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Sudan ambassador says govt. ready for talks with rebels

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MOSCOW, August 9 (RIA Novosti) - The government of Sudan is ready for dialogue with all groups involved in a four-year inter-ethnic conflict in Darfur, the African state's ambassador to Russia said Thursday.

The UN estimates violence and disease have killed at least 200,000 and forced 2 million from their homes since 2003, when rebel groups began fighting with the pro-government Jangaweed militia. The rebel groups, mainly made up of black African farmers, accuse the government in Khartoum of discrimination in favor of the Arab population and want a fairer slice in oil revenues.

"The government has consistently pursued the policy of a peaceful resolution of all issues and constant consultation with leaders of different tribes, movements, and groups," Shol Deng Alak said.

The statement comes days after most of Darfur's rebel groups said they had coordinated a common position and wanted to hold final talks with the central government over the next few months. Khartoum signed a peace agreement with one of three rebel factions in 2006.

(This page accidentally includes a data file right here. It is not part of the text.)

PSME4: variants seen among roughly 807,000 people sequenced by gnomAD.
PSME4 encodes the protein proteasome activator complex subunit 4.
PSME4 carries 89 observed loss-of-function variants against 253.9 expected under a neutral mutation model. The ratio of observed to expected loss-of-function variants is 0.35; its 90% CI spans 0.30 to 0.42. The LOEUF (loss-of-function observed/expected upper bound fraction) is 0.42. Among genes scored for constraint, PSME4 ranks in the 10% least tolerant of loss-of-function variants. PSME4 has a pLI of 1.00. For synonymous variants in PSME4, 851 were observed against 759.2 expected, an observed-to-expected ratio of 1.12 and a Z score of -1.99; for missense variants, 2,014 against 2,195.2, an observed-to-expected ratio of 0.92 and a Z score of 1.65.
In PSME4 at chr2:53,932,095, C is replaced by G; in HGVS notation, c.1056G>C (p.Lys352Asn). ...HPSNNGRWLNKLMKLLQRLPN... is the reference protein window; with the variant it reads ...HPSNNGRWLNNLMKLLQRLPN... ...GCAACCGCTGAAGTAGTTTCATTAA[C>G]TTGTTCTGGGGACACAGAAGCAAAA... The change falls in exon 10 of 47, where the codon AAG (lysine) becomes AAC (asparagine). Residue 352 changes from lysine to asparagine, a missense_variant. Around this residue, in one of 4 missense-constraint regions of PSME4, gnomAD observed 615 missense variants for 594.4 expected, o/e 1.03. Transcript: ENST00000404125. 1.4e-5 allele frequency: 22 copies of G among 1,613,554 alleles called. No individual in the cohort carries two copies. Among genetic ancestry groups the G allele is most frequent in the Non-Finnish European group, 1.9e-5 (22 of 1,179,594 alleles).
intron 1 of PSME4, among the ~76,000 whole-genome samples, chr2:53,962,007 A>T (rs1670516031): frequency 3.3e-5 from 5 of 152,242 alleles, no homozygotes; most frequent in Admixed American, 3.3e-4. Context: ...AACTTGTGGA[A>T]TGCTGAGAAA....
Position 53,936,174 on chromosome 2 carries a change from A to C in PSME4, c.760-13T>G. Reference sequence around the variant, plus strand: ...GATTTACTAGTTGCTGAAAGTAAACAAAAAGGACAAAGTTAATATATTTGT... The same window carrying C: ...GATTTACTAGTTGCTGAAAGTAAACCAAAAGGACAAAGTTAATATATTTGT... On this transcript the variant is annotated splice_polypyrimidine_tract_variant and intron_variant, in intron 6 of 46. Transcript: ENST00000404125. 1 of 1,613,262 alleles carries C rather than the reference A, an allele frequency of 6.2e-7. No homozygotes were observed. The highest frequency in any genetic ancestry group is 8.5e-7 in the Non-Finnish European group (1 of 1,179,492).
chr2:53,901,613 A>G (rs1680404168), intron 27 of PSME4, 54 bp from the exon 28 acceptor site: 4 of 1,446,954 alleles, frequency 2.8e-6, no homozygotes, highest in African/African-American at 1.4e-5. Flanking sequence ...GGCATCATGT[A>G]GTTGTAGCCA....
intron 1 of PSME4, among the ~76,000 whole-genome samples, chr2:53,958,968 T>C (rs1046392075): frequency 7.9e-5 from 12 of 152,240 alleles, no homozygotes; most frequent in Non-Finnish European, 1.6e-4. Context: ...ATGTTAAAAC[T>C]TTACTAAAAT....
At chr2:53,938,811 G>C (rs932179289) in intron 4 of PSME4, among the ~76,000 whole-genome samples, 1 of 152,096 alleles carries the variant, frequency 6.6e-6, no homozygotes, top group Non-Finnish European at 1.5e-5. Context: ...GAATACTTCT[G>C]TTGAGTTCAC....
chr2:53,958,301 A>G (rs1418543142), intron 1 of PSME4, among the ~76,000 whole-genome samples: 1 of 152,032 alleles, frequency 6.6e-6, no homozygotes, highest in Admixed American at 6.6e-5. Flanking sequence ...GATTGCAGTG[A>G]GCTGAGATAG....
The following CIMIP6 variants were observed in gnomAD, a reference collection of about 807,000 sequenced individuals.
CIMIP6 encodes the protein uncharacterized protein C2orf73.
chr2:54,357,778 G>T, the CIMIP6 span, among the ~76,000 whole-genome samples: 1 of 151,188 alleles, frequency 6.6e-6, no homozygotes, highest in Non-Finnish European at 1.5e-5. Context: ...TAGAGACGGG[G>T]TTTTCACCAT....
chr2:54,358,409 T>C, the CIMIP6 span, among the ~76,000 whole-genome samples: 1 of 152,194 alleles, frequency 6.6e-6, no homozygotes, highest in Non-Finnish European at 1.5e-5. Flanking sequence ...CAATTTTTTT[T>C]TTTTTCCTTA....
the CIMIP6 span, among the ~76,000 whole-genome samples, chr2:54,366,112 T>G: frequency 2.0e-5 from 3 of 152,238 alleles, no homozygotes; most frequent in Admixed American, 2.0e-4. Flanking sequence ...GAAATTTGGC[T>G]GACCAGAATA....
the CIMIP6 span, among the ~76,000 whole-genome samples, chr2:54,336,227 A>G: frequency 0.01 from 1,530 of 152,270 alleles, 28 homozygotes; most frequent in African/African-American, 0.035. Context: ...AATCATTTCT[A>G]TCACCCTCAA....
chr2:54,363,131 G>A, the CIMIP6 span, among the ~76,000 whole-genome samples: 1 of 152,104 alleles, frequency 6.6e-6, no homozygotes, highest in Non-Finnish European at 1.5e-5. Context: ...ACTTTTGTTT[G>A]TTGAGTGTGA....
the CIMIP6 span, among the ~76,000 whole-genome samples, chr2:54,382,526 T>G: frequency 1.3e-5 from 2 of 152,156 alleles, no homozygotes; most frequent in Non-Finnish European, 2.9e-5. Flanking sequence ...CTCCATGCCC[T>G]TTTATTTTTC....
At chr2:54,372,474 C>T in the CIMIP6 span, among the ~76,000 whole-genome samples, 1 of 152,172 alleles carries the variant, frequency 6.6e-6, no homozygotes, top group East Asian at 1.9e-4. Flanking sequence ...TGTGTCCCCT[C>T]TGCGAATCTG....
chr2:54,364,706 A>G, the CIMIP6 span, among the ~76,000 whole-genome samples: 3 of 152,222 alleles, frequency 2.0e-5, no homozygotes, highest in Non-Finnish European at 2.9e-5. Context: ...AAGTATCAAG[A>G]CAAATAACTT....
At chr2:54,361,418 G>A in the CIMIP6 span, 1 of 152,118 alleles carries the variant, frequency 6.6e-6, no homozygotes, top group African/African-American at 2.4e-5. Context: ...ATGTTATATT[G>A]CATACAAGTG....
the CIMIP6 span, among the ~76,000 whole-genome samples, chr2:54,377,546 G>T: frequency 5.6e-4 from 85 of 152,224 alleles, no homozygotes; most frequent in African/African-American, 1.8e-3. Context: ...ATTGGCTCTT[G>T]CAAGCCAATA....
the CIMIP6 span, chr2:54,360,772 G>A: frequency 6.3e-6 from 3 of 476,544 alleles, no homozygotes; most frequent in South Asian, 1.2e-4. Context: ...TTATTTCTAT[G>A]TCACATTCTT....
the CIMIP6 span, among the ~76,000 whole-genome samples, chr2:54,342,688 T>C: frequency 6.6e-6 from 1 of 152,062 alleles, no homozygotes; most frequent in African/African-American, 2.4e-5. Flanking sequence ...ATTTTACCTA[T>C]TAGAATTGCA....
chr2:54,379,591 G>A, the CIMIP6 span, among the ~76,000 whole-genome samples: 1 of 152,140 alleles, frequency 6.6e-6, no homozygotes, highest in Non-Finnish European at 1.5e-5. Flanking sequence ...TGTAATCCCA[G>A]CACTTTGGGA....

In June, Khartoum agreed, after almost a year of rejection, to a peacekeeping operation in Darfur, to be run jointly by the UN and the African Union (AU), which will provide a total of 23,000 troops. The 53-member AU currently has a 7,000-strong force in the region, but has so far been unable to stop fighting.

In March 2007, the UN mission accused Sudan's government of orchestrating and taking part in "gross violations" in Darfur, and called for urgent international action to protect civilians.

The ambassador blamed the U.S. for fueling the conflict in Sudan to get access to its oil reserves.

"The United States has been trying ... to make up for losses inflicted by ongoing instability in the Middle East and is turning its eyes to African countries, our region in particular," Alak said.

Washington announced new sanctions against Khartoum in late May, accusing it of genocide, and is pushing for additional UN sanctions against the Sudanese government led by President Omar al-Beshir.

Most permanent UN Security Council members backed the U.S. move, but China, which buys 80% of Sudan's oil exports, and Russia, which develops oil fields in the country, have repeatedly opposed further pressure on the Sudanese government, saying it would only aggravate the situation.

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